- Publications and resources
- Rules and regulations
- Safety management
- Licences and certification
- About us
Go to top of page
Flying in the wet season-Aviation safety seminar
Thunderstorms, heavy rain and reduced visibility. These are just some of the hazards that visual flight rules pilots face during a typical wet season in the top end of Australia.
Officially beginning at the start of November and finishing at the end of April, the wet season sees the majority of Darwin's 1700mm average rainfall occur. Often in heavy, short bursts which cool and rejuvenate the land and its creatures.
Temperatures also increase, typically ranging from a minimum of 25C to a maximum of 33C with increased humidity levels.
Aviation safety advisors Tim Penney and Peter Ball presented a seminar to more than 100 pilots in Darwin 2018 to discuss operational hazards and decision making and how to operate safely in this challenging environment.
The seminar was aimed at all pilots flying across the top end during the wet season, with many coming up from the south early on in their career who are not used to many of the challenges and hazards that pilots face across the top end.
The seminar drew on real life experiences from our subject matter experts who told stories of their own close calls. We also discussed the procedures and requirements that pilots need to be aware of from CASA's point of view when flying in these conditions.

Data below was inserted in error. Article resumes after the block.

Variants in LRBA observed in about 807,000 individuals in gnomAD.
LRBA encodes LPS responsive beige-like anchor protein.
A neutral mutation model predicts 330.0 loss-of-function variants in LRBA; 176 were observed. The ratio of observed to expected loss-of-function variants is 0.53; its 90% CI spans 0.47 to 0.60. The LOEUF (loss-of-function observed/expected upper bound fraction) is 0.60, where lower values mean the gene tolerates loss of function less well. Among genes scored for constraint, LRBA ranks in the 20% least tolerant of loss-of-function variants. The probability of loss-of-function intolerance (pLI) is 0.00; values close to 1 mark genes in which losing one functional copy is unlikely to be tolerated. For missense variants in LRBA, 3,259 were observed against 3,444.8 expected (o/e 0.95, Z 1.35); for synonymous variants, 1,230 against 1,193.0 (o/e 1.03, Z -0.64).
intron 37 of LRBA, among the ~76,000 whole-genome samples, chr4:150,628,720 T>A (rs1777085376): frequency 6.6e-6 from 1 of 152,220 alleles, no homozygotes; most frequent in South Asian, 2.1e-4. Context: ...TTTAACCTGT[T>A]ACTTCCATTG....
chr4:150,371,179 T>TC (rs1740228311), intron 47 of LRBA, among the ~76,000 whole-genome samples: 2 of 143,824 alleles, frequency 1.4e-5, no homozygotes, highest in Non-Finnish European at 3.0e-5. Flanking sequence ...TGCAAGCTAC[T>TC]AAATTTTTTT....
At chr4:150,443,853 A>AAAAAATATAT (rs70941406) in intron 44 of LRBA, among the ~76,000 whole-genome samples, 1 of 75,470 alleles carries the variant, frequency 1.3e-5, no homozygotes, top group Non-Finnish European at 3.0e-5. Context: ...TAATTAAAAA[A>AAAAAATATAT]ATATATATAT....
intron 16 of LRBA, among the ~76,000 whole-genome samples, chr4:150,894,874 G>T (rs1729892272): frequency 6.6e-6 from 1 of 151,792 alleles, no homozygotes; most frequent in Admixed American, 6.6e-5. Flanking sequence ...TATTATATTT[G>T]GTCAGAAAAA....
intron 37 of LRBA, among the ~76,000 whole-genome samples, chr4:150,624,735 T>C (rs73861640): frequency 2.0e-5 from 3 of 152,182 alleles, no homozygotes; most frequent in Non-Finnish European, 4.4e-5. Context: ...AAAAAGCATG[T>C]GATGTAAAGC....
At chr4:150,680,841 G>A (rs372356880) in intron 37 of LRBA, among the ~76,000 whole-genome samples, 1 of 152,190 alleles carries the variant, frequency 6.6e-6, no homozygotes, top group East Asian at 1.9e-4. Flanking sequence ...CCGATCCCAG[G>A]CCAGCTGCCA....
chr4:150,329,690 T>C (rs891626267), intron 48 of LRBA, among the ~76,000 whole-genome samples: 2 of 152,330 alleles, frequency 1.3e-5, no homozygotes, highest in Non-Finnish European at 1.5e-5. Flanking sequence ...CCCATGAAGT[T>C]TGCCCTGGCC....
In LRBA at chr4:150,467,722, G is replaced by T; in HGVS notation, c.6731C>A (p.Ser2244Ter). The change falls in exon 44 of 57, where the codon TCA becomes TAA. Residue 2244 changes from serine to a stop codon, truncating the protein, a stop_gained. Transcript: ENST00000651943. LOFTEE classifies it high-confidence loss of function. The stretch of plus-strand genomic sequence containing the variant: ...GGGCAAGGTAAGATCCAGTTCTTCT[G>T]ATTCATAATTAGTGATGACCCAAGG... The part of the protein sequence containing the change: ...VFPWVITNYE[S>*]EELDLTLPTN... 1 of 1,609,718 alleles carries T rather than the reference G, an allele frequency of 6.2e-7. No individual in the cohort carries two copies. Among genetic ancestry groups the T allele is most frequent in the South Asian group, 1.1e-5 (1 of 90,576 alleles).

- Tim Penney—CASA Aviation safety advisor (introduction)
- Harry Fabb-Burns—Bureau of Meteorology
- Bob Calaby—Aerodromes Safety and Standards Manager, Darwin Airport
- Flight Lieutenant Richard Thomas—Senior Training Officer 452SQN DAR FLT
- Greg Imlay—Flying Ops Inspector, CASA Darwin office (Part 1)
- Cameron Marchant—Head of Ops, Flight Standards
- Trevor Woods, NT Police Airwing
- Greg Imlay (Part 2)
- Panel discussion
The complete seminar is available to watch on our YouTube channel .
Flying in the wet season—YouTube live seminar
Aviation safety advisor Tim Penney is joined by Harry Fabb-Burns from the Bureau of Meteorology and Cameron Marchant, head of operations at Flight Standards in Darwin and discusses what some of the typical hazards that GA pilots face during a wet season in the top end of Australia.